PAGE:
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Ballot Boredom?

Well it is election time in the UK but thankfully the campaigning is nearly over and for once I’m genuinely interesting in the outcome; not because I am much in the way of political inclination – the last time I got excited about Party Politics in an election year was when I successfully backed the horse of that name to win the 1992 Grand National – but this time round I genuinely have no idea what the final result will be, other than no party is going to have a huge, if any, majority.

I have always made an effort to use my vote in whatever election, as a fundamentally believe that it is important to do so. In my Genghis Khan moments I have felt that it should be compulsory to express your vote, even if it is ‘none of the above’ because while the vote might not change anything, you are certainly not going to change things by not voting. In St Albans, the vote does matter as it is not obvious which way the seat will go. That has probably encouraged a little bit of interest in the process, as for most of my early life the environment I grew up in did not really encourage debate. I grew up in a former mining village in North East England where they Labour party could have put up a ferret as a candidate and it would have won with a massive majority. Maybe they did at one point, just for a laugh, in the same way that every generation of students think that putting up a cat for student common room president is funny (although considering how effective many students can be, the cat would probably do a better job).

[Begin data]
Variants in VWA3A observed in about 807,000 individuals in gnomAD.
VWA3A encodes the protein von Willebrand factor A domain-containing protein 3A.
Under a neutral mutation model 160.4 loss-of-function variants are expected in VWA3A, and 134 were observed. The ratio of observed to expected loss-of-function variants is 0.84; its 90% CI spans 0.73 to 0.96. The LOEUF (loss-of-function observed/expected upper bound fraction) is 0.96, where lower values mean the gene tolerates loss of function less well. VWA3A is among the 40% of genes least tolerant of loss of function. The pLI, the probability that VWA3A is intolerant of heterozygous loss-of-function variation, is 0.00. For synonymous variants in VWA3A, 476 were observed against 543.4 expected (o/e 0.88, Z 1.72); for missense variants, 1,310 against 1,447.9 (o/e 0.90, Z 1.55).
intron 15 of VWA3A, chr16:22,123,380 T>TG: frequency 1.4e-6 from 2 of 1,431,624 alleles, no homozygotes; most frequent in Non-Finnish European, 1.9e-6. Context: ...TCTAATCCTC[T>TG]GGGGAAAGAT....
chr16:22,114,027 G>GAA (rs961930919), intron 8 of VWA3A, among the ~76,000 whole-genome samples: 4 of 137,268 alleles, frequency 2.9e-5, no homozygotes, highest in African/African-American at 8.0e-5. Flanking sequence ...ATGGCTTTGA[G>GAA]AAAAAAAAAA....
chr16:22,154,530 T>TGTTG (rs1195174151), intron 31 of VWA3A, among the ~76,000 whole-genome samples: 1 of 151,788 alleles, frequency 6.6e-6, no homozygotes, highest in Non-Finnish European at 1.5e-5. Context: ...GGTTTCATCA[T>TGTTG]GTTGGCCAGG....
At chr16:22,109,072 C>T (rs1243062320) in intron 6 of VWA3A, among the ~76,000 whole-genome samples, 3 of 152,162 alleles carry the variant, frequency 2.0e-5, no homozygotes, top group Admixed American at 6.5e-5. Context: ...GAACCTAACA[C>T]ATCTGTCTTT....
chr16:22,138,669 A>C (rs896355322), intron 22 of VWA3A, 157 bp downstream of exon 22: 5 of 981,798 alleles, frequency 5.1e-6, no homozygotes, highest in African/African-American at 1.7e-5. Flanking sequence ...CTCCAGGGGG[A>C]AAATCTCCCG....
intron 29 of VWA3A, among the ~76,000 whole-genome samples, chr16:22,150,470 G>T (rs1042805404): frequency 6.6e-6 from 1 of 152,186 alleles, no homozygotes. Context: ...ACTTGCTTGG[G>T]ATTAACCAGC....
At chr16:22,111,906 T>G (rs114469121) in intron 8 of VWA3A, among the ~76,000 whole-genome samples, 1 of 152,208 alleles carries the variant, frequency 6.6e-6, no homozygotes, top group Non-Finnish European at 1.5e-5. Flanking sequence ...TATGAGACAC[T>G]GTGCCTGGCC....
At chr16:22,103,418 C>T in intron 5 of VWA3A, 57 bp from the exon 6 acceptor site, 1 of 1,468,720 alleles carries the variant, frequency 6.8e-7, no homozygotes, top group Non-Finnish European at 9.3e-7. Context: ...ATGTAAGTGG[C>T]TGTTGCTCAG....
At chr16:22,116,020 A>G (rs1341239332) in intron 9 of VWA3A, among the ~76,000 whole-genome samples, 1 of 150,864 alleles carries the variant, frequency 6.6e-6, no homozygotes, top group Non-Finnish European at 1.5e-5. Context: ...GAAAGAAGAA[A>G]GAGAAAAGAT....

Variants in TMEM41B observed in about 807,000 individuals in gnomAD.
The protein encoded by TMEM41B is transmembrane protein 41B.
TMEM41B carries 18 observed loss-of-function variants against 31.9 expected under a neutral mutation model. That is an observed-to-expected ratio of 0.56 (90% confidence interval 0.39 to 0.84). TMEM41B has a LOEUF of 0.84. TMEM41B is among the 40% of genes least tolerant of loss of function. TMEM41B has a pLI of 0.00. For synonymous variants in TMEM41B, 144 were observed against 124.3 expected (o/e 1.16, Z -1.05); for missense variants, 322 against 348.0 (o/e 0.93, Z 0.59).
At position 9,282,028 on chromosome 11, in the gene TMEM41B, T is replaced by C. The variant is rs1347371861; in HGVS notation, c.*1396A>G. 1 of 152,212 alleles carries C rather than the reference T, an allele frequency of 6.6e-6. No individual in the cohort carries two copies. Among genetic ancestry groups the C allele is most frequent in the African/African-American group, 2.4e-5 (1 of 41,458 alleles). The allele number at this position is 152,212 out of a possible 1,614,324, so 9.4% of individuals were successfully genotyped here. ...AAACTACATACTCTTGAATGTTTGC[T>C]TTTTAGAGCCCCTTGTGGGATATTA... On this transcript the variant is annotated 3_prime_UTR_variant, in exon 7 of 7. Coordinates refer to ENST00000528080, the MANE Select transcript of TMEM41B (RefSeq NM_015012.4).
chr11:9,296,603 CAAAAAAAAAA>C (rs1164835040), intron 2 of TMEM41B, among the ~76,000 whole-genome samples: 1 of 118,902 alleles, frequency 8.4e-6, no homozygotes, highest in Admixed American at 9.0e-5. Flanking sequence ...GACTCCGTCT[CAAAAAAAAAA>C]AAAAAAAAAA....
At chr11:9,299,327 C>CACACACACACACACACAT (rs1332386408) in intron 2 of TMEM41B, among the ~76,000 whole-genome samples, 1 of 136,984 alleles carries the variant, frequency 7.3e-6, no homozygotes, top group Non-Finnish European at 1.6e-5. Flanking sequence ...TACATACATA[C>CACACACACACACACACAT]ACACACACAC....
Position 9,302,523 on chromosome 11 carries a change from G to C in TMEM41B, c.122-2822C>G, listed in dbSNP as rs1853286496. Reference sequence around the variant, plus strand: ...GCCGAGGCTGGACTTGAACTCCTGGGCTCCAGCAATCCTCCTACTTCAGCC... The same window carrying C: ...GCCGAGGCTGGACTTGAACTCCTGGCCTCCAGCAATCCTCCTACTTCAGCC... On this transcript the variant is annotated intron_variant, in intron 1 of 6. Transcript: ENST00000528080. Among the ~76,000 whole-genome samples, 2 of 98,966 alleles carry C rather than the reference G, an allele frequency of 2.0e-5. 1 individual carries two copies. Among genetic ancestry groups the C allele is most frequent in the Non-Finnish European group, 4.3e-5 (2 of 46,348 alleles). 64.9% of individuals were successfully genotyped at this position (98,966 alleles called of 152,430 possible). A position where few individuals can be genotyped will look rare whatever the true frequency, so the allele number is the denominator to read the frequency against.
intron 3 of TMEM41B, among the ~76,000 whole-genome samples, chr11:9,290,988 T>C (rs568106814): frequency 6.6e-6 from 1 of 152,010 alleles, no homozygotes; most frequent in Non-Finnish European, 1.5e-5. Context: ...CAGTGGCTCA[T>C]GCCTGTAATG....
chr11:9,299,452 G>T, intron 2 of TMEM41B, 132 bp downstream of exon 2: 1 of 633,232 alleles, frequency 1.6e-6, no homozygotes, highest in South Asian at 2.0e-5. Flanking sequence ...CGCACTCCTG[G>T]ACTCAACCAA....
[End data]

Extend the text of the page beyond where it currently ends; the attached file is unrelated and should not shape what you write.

So it is almost refreshing to be in an area where the rest is not assured. But, as I say, voting is important, and moaning about a government that you did not vote for – when 60% of eligible people cannot get off their backside to even spoil their papers does not cut much ice with me.

After all, it is not as though we do not like voting per se, or ‘X Factor’, ‘I’m a Celebrity…’ and a host of other awful shows would probably creep back into obscurity. In my Facebook feed the Radio Times seems to run one vote after another on increasingly pointless subjects and clearly get a response by doing so. In the last few weeks I’ve voted for my choice of National Bird of the UK (personally I favoured the Blackbird, but apparently Sweden already has that so maybe that was a wasted vote), and that the marvellous Pitt Rivers museum in Oxford should get the chance to have an art installation (over a bunch of other prestigious institutions). Voting seems a natural tendency in many people, to express choice and to some extent show approval.

All except it seems, in the area of politics, where either we don’t care (‘they’re all the same, those damn politicians!’) or we don’t want to be seen to approve any of them. Well, the reality is we need politics as much as we need teachers and police, other groups of people that do not get the respect their professions deserve. If the people filling those roles on Thursday aren’t the highest quality (and I am not expressing a judgement here, just raising the question) then it is our own fault. We are too quick to criticise and moan about the society we live in and far too slow when it comes to engaging in any activity that might, just, improve it a little. If you do not like the current bunch, go into politics yourself – or if you do not have the skill set (which I do not) encourage those that do. I am as guilty as anyone when it comes to apathy but at least I take the responsibility for which way I will be voting on Thursday and hope others will do the same.

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